Why Rome’s Statement on Charlie Gard Was So Devastating – National Review
Eight years ago, almost to the day, I cowered in a chair in the corner of a hospital room, sobbing uncontrollably. My husband stood stoically a few feet away, hunched over the exam table, gently nuzzling our tiny two-week-old son as, to his piercing shrieks, the technician drew vial after vial of blood.
Whenever I think back about that horrible day, the day we received our son’s diagnosis of cystic fibrosis, my mind replays our frantic newborn’s cry and my horrifying failure as a mother. While those early days were a blur, somewhere along the line I knew, as I can now quip, that I needed to “mom up.” Our son needed me. Among other things, I read, and then reread, and then reread again, a parenting book for those raising a child with a chronic health condition. But it wasn’t until my fifth or sixth turn through that I could read the chapter on dying. While difficult, it was necessary and its advice was necessary: When the time has come, parents must give their children permission to die.
This is what parents of children with terminal or “life-shortening,” — the euphemism doctors use now — illnesses do. While navigating the emotional side, we are also deciding on a daily (sometimes hourly) basis what is best for our children. And we often do this while surrounded by atheist doctors who worship at the altar of science within the broader culture of death.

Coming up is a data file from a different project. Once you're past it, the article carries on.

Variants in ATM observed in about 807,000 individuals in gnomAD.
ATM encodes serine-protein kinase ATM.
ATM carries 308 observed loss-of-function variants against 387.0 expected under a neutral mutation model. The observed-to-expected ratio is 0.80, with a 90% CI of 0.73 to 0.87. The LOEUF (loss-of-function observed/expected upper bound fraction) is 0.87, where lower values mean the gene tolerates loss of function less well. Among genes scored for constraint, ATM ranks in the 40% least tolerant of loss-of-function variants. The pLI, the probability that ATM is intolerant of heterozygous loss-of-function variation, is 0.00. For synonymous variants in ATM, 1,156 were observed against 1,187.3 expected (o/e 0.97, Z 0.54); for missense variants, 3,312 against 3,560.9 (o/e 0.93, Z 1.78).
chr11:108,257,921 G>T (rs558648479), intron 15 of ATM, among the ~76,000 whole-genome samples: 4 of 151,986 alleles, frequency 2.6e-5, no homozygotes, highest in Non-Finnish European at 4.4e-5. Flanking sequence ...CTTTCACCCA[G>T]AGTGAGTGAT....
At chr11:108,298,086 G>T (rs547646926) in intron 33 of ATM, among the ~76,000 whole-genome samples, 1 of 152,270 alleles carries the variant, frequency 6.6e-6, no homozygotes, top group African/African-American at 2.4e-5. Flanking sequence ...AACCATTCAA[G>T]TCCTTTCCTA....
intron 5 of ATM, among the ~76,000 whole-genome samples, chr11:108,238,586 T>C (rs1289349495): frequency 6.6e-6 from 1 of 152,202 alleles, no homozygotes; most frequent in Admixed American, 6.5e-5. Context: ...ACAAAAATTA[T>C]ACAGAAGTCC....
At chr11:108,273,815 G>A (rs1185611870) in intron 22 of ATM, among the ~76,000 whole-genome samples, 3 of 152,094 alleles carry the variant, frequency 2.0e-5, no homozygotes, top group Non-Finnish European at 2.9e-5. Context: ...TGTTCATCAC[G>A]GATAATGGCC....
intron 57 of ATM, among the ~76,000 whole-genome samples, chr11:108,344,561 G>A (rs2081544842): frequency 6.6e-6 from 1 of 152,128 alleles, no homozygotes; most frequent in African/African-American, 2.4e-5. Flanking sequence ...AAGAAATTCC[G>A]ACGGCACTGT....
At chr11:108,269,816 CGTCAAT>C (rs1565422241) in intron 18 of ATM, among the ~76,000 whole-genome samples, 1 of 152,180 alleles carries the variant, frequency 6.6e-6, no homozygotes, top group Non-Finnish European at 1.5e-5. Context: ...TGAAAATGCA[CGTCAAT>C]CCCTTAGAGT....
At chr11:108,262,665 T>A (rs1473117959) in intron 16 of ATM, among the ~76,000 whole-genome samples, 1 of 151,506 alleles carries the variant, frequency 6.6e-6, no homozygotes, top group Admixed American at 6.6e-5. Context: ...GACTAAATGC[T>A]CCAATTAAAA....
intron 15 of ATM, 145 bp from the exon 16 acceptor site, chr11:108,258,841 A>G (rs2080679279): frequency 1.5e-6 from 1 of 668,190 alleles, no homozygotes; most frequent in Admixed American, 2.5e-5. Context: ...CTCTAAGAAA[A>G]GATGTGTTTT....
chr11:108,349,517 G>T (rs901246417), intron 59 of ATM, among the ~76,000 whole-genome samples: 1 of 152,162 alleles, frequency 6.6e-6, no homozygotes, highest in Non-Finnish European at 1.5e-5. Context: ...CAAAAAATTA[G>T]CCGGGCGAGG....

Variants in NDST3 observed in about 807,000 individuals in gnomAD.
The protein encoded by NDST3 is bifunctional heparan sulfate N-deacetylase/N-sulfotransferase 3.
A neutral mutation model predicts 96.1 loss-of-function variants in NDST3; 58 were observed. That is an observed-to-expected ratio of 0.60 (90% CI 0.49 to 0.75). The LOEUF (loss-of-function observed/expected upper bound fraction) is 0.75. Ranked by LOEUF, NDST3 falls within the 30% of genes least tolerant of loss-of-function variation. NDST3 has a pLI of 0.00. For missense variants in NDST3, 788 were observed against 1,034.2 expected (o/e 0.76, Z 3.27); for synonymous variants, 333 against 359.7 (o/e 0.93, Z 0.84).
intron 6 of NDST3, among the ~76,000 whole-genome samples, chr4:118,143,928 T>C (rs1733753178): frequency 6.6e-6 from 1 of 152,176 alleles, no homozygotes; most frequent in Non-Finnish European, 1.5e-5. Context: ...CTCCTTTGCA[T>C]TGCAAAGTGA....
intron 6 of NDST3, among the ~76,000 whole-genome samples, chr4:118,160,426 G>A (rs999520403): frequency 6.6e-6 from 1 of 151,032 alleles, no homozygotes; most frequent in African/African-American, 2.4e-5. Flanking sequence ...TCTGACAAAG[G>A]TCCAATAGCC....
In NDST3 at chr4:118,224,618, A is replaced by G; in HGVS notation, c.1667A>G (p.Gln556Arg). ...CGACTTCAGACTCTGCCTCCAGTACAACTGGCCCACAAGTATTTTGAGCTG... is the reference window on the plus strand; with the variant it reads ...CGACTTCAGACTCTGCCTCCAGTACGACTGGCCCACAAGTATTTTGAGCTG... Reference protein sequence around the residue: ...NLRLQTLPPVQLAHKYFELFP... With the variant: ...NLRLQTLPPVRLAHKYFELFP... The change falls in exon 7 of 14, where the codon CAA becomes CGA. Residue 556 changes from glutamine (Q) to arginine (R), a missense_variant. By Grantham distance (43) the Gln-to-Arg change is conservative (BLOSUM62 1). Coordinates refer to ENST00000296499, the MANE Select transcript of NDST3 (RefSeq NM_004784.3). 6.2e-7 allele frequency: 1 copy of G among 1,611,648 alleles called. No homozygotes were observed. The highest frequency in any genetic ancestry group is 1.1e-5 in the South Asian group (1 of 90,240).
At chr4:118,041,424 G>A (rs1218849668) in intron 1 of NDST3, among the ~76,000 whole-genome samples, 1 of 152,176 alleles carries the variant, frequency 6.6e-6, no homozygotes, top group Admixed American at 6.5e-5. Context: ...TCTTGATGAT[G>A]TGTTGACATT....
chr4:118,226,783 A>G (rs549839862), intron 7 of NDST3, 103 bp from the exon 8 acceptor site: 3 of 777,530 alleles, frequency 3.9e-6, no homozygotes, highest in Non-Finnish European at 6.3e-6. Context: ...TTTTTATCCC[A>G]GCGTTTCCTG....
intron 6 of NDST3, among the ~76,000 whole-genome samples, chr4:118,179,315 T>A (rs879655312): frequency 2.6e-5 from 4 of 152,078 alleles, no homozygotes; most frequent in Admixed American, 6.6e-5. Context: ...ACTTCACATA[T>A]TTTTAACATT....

We need support, and in cases involving a prudential decision, such as the one facing the Gards, we most assuredly do not need an implicit condemnation of our decision. But that is exactly how Archbishop Paglia’s statement read: He first spoke of the need to “accept the limits of medicine and avoid aggressive medical procedures that are disproportionate to any expected results or excessively burdensome to the patient or the family,” and then he stressed the need to help parents “understand the unique difficulty of their situation.” As if the Gards did not understand theirs!
If the Pontifical Academy for Life will not unequivocally support a parent’s right to seek a potentially life-saving treatment for a child, then who will? That is what the statement felt like — a disapproval of their decision — to a parent fighting on a daily basis to do right both by God and by the child with whom He entrusted her.
At least that is how it felt on Friday. But since then Pope Francis seems to have heard the call, and it was a great comfort to read the statement issued by his spokesperson, who said that “the Holy Father follows with affection and emotion the situation of Charlie Gard, and expresses his own closeness to his parents. He prays for them, wishing that their desire to accompany and care for their own child to the end will be respected.” I join in this prayer and also pray that in the future, prudence guides statements related to health-care decisions — parents deserve that much. The Gards deserve that much.
— Margot Cleveland is an adjunct professor at the University of Notre Dame and a regular contributor to the Federalist.